The History of Human-Animal Interaction - Prehistoric Times
animals humans cave horses
Evolutionary science holds that humans are animals that have changed and adapted over hundreds of thousands of years to take on their current form. Biologists classify the human animal as a member of the order Primate, along with chimpanzees and gorillas. Some scientists believe that humans and other primates shared a common ancestor millions of years ago, and that at some point human animals split off to form their own evolutionary path. Skeletons found throughout parts of Africa show both human and nonhuman characteristics.
Those who believe in the evolution theory think that human primates left the treetops and began walking upright, using their hands to make tools and increase their survivability. Most nonhuman primates ate a mostly vegetarian diet, but human primates began capturing small animals and scavenging for meat from carcasses left behind by predators like lions. About two million years ago, human primates began using stone tools and weapons. This was the beginning of the Stone Age. The use of stone-tipped spears allowed humans to hunt large game, such as wooly mammoths.
In 1995 archaeologists found three wooden spears in a cave near Helmstedt, Germany. The spears are estimated to be about 400,000 years old. The excavation uncovered the remains of at least ten horses that appeared to have been butchered, suggesting that humans of that time were accomplished hunters. Thousands of bones from elephants, rhinoceros, deer, and horses have also been found in the cave complex. Humans at that time survived by hunting and fishing and by foraging for edible vegetation, nuts, and seeds; hence, they are called hunter-gatherers. Most lived as nomads, traveling in small groups from place to place. Once they had exhausted all the animals and plants in an area, they would move to a new location.
Humans sometimes used their wits along with their weapons to capture prey. Scientists have found the bones of roughly 10,000 horses at the bottom of a cliff in Salutre, France, that date to prehistoric times. Humans may have been unable to catch the very fast horses and somehow tricked them into running off the cliff to their deaths.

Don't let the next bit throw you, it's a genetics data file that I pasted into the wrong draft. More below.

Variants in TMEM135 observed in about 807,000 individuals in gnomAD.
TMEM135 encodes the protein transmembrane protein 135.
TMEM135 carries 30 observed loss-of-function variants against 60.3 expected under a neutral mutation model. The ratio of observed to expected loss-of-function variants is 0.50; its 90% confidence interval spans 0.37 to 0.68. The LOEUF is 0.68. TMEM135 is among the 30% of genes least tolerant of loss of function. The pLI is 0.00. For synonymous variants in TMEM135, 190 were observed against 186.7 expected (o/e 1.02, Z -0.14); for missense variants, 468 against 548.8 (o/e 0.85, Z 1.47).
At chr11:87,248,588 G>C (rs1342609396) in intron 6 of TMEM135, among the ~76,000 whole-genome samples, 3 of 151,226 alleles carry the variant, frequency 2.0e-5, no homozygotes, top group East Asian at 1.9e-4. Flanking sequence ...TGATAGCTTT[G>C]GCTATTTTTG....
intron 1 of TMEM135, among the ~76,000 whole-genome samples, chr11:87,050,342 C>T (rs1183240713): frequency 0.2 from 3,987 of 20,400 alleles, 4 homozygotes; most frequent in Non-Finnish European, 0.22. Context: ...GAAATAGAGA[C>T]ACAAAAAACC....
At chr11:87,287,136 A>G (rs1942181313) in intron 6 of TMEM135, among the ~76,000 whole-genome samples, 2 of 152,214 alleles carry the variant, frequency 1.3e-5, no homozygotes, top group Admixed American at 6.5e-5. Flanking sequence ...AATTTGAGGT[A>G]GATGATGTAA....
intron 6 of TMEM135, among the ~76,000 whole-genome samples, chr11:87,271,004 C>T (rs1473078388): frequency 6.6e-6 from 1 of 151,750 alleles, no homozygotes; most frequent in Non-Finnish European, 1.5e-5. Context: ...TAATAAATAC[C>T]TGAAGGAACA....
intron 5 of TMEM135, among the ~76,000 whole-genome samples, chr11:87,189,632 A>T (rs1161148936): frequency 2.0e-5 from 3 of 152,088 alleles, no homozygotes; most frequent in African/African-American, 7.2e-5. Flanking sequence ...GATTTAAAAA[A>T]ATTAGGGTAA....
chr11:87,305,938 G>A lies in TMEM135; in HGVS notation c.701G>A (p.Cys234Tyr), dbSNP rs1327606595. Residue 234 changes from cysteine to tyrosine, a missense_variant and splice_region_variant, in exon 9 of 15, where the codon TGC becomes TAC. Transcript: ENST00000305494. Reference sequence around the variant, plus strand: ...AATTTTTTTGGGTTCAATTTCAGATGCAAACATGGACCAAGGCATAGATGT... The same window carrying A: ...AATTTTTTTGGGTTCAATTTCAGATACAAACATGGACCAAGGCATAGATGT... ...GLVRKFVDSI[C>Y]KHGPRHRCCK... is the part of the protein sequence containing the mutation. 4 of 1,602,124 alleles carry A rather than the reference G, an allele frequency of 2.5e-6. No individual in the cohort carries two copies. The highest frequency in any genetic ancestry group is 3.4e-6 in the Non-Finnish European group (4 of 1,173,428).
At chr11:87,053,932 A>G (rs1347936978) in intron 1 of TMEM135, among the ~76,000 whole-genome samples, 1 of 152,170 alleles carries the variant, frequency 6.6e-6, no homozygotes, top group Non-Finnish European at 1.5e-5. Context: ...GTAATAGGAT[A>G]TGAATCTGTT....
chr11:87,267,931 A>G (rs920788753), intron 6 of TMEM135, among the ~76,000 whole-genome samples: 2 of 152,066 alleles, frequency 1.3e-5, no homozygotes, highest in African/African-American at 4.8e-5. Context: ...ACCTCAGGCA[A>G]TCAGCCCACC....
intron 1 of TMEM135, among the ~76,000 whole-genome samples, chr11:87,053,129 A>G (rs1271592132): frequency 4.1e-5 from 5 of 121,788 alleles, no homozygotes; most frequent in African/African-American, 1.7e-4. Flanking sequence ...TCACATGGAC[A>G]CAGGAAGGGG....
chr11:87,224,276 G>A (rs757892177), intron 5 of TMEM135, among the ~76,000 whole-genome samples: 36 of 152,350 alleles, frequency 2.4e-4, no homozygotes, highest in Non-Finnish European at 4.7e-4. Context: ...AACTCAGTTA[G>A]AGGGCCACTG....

Cave Paintings Depict Animals
The earliest known cave drawings date back 30,000 years and are located in France. In October 2001 the British Broadcasting Corporation (BBC) reported that hundreds of prehistoric drawings in the Chauvet Caves of southern France had been analyzed by scientists and found to be between 29,700 and 32,400 years old, making them the oldest known art in the world. Numerous cave drawings depict rhinoceroses, lions, buffalo, mammoths, and horses. Figure 1.1 shows a cave painting of a horse.
Other cave drawings indicate that prehistoric peoples interacted with many different kinds of animals, including wooly mammoths, bison, deer, horses, and sea creatures. In fact, scientists believe that most paintings were made using brushes made of animal hair and paints made from animal fat.
The vast majority of prehistoric cave drawings depict animals, not people. Some scientists believe that humans were in awe of the wild and fierce animals that they hunted. The hunters may have believed that they could exert some kind of magical power over animals by drawing pictures of them. Although little is known for certain about the religious beliefs of the time, it is thought that prehistoric humans believed in a hidden world inhabited by the spirits of their dead ancestors, animals, and birds. Some spirits were considered good and others bad. People may have offered sacrifices of animals or other food to keep the spirits happy.
A belief system called animism has been traced back to the Paleolithic Age (the earliest period of the Stone Age). Animism is the belief that every object, living or not, contains a soul. Thus, animals, trees, and even rocks had spiritual meaning to prehistoric peoples. Anthropologists theorize that humans may have believed that they could capture the spirits (and thus the fierceness, strength, and speed) of wild animals by eating their flesh. Likewise, some wild animals may have been worshipped as gods by early humans.
Around 15,000–13,000 B.C., the massive glaciers that had covered much of the land during the Great Ice Age began to subside. The habitats and food supplies for both humans and animals began to change. The hunter-gatherers had increasing difficulty finding the big game they had hunted before. Scientists believe that mammoths and many other large animals were driven to extinction around 10,000 B.C. because of climate changes, overhunting by humans, or both. Humans turned to hunting smaller animals and began gathering and cultivating plants in centralized locations. This major shift from nomadic life to settled existence had a tremendous effect on the human-animal relationship.